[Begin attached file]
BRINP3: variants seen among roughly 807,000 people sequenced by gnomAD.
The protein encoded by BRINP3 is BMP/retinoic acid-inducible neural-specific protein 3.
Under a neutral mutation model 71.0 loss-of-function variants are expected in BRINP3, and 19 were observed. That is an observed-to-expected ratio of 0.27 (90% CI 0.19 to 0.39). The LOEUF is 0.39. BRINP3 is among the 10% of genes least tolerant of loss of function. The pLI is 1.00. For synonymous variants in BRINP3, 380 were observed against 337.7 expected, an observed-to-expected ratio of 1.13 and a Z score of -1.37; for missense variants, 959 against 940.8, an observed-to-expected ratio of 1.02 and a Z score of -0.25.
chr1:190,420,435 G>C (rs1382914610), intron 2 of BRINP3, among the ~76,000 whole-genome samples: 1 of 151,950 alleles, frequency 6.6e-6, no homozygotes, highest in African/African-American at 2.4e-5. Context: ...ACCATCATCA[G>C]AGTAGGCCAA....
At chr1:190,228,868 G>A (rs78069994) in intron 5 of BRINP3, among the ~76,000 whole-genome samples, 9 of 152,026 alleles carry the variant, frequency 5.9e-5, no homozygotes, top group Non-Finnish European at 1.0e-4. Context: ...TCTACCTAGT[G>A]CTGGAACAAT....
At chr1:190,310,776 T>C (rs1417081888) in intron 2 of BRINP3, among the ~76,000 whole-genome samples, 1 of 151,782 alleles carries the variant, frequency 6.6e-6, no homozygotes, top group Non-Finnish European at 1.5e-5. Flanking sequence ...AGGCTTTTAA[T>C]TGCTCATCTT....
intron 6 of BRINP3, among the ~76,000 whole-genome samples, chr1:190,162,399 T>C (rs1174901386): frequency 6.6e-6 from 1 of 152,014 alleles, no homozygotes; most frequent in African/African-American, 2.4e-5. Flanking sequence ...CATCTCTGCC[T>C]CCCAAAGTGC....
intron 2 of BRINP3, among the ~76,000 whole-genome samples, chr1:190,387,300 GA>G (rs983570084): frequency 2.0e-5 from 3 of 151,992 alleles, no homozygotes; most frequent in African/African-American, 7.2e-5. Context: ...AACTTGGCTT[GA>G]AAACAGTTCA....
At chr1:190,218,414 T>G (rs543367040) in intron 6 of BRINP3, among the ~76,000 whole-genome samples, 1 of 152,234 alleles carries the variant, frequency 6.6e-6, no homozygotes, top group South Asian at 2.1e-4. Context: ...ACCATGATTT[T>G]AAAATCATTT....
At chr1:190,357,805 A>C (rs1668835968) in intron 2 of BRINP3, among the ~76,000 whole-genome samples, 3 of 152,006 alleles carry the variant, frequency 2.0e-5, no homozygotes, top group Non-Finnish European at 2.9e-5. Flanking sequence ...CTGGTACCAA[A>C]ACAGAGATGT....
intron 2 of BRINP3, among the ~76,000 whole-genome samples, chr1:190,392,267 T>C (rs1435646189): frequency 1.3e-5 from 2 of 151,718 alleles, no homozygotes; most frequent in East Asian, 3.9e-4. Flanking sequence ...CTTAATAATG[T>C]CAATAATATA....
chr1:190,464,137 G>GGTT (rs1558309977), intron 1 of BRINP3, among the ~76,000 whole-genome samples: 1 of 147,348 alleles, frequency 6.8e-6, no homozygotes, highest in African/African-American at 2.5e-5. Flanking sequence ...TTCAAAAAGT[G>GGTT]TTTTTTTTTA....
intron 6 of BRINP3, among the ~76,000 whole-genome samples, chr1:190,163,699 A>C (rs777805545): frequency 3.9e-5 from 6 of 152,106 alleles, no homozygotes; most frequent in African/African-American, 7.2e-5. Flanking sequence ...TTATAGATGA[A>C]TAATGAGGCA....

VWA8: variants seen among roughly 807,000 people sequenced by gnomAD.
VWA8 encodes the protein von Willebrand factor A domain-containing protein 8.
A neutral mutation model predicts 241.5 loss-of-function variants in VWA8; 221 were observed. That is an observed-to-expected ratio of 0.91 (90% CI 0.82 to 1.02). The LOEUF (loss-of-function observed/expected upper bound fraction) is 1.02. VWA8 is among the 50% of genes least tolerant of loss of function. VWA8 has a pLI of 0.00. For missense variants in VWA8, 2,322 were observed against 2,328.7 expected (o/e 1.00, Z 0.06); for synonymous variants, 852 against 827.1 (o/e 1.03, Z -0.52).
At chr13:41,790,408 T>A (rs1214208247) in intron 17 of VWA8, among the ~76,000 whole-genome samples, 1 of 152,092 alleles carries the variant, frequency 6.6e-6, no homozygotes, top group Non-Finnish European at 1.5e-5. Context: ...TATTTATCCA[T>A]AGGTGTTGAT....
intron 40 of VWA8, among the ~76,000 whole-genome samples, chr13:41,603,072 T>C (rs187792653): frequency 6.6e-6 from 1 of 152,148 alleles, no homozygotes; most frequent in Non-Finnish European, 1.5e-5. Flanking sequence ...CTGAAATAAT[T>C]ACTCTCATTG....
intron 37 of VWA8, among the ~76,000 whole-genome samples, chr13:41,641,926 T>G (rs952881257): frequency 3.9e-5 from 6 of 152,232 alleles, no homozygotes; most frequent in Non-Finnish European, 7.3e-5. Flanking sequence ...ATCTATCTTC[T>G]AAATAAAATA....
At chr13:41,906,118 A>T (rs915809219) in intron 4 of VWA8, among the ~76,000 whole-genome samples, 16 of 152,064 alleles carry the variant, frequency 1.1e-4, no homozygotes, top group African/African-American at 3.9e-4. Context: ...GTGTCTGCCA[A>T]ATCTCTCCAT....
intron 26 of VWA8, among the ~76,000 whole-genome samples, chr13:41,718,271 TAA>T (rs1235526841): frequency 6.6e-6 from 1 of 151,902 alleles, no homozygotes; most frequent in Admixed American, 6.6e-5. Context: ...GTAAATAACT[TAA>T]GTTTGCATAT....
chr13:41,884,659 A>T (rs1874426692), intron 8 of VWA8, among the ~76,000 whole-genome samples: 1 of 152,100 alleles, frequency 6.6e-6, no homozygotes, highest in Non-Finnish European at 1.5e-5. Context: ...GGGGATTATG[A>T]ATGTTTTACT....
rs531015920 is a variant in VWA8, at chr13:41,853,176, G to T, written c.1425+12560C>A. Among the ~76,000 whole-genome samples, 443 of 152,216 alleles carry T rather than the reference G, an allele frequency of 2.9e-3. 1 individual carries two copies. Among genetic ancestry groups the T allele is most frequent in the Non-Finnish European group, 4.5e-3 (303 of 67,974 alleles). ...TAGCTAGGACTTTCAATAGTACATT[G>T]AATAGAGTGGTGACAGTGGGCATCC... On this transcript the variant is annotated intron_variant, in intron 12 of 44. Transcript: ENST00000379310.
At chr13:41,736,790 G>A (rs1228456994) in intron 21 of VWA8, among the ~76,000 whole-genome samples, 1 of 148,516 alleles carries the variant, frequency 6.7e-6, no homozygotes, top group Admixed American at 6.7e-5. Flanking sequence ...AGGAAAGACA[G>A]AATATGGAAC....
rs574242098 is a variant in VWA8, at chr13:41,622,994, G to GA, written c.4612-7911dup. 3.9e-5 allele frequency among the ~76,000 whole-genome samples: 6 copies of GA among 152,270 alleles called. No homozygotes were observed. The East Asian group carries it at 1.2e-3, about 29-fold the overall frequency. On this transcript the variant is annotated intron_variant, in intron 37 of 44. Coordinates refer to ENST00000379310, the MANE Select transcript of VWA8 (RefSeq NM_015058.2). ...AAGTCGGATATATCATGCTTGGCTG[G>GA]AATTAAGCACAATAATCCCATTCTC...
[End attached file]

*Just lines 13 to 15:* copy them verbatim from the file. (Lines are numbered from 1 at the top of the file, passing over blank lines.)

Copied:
intron 6 of BRINP3, among the ~76,000 whole-genome samples, chr1:190,163,699 A>C (rs777805545): frequency 3.9e-5 from 6 of 152,106 alleles, no homozygotes; most frequent in African/African-American, 7.2e-5. Flanking sequence ...TTATAGATGA[A>C]TAATGAGGCA....

VWA8: variants seen among roughly 807,000 people sequenced by gnomAD.
VWA8 encodes the protein von Willebrand factor A domain-containing protein 8.